Man Receives First Penis Transplant in the US
Science| | By Lauren Boudreau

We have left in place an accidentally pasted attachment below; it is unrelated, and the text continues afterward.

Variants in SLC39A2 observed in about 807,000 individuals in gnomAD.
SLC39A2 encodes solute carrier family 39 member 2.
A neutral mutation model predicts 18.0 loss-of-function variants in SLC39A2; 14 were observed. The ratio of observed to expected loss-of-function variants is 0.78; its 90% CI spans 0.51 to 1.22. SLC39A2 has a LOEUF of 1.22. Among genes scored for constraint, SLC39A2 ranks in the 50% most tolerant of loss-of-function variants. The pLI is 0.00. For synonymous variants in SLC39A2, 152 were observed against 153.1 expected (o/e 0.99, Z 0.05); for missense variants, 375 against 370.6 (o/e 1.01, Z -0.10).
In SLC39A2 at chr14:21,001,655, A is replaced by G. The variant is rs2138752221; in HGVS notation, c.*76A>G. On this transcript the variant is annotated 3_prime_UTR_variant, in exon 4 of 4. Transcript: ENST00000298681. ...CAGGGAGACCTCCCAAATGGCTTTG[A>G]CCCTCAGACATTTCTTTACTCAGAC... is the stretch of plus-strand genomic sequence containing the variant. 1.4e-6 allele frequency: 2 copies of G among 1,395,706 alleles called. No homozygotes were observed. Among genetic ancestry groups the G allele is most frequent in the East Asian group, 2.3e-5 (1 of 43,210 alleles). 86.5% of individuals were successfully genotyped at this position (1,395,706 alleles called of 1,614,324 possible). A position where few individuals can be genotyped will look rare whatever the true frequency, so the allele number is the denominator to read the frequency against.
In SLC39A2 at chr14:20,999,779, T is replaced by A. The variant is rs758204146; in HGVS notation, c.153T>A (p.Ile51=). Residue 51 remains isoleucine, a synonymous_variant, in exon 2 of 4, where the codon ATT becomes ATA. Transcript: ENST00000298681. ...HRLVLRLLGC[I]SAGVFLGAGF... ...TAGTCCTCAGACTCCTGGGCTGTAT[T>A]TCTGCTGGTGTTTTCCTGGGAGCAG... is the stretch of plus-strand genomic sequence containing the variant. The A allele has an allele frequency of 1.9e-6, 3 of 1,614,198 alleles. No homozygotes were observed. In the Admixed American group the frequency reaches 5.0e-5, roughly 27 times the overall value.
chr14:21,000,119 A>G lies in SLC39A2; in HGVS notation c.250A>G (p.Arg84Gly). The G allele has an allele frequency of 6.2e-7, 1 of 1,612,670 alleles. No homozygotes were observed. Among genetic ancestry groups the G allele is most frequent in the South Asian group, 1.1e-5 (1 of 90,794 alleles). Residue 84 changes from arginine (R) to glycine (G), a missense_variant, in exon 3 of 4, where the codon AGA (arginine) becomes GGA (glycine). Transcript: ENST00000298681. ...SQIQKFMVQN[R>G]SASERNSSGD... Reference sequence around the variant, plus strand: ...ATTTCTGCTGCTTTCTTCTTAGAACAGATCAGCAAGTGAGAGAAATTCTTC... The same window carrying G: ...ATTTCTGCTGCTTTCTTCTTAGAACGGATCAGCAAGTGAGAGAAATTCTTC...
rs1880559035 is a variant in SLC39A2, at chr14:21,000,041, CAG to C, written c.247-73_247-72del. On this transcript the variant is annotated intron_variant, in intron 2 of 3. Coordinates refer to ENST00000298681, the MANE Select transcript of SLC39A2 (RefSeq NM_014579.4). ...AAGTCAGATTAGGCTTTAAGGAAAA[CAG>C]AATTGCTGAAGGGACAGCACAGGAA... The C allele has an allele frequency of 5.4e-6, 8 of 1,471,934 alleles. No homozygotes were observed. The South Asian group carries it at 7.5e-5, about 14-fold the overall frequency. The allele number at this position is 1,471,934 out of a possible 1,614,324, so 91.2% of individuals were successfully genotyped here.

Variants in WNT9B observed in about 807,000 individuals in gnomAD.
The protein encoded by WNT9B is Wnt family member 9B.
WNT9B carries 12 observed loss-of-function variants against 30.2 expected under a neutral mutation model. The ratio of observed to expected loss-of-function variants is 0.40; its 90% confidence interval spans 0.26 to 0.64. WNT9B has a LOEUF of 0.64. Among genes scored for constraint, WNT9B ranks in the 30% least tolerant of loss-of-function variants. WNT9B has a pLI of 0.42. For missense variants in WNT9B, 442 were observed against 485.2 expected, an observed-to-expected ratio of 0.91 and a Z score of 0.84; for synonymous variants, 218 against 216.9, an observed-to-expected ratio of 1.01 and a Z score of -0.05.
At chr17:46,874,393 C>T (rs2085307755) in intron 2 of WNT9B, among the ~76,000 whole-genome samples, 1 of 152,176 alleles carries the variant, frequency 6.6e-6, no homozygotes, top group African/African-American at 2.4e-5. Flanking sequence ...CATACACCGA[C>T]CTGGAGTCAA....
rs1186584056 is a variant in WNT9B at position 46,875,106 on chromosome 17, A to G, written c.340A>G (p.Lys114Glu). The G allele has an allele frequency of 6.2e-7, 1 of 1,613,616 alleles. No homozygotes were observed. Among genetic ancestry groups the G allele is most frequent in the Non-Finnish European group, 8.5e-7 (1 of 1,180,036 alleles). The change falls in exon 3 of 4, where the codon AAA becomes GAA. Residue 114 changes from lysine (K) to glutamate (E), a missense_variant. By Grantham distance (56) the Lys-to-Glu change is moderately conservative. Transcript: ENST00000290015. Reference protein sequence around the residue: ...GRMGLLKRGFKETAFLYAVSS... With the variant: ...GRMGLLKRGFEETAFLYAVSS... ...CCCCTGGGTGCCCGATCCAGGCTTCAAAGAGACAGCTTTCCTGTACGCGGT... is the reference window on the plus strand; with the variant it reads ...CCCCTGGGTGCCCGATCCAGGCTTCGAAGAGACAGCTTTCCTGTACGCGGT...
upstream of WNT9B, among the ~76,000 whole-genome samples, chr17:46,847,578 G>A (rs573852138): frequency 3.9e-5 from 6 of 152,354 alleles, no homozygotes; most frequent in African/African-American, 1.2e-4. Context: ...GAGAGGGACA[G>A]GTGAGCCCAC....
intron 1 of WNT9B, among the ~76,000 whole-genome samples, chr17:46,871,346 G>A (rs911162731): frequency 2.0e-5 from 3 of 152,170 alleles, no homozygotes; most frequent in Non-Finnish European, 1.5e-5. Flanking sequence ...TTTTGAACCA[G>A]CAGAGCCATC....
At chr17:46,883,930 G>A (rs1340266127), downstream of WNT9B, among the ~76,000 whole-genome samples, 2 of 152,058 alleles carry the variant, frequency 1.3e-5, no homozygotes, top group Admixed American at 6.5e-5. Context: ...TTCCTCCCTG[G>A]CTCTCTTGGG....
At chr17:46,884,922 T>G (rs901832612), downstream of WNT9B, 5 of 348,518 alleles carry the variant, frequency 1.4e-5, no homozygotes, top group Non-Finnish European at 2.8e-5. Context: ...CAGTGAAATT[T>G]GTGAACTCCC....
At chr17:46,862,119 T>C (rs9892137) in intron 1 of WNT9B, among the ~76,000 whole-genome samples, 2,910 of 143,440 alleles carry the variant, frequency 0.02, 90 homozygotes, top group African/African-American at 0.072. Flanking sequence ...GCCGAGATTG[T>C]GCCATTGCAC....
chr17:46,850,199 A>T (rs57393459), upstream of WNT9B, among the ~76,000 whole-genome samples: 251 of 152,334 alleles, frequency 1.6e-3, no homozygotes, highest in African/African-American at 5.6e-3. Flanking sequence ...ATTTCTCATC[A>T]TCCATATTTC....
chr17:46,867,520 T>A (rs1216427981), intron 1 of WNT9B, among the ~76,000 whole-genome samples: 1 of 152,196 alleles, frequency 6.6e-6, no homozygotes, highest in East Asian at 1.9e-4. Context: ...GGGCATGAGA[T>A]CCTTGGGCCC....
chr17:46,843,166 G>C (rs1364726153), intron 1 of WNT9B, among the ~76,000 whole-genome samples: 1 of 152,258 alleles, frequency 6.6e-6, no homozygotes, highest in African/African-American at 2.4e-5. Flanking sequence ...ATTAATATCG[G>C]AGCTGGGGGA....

“I wouldn’t go near anybody,” he told the New York Times. The operation left him with a deflated ego and lost sense of self. “I couldn’t have a relationship with anybody. You can’t tell a woman, ‘I had a penis amputation,'” he said. Doctors were initially skeptical, but after a slew of tests, Manning was approved for the transplant and the surgical team spent three years preparing for it. According to the Times, “The team did meticulous dissections in a cadaver lab to map out anatomy, and operated on five or six dead donors to practice removing the tissue needed for the transplants.” Manning’s surgery took about 15 hours and involved 30 other healthcare workers. After the team had finished their training, Manning was called to see if he still wanted the procedure, and not even two weeks later, a donor was found. Now, Manning is recovering from his surgery, which took place May 8 and 9, but is still hesitant to look at the finished product. Dr. Curtis L. Cetrulo, a plastic surgeon and leader of the team, said if all goes well, he should be able to urinate normally in a few weeks, with sexual ability returning after a few months. But the biggest reason Manning is detailing his experience is because he doesn’t want there to be any shame or stigma surrounding a penis transplant. “Don’t hide behind a rock,” he said, noting that men tend to “judge their masculinity with their bodies.” While he may need to be on anti-rejection medication for the rest of his life, Manning says he’s still better off than where he was before. The Times also reports that another patient who suffered severe burns is on the list to receive the procedure next. Doctors also hope to perform the surgery on veterans, but will perfect their technique on civilian patients first. The transplant won’t yet be available for transgender patients. Only two other penis transplants have taken place in the world, a successful one in South Africa and an unsuccessful one in China.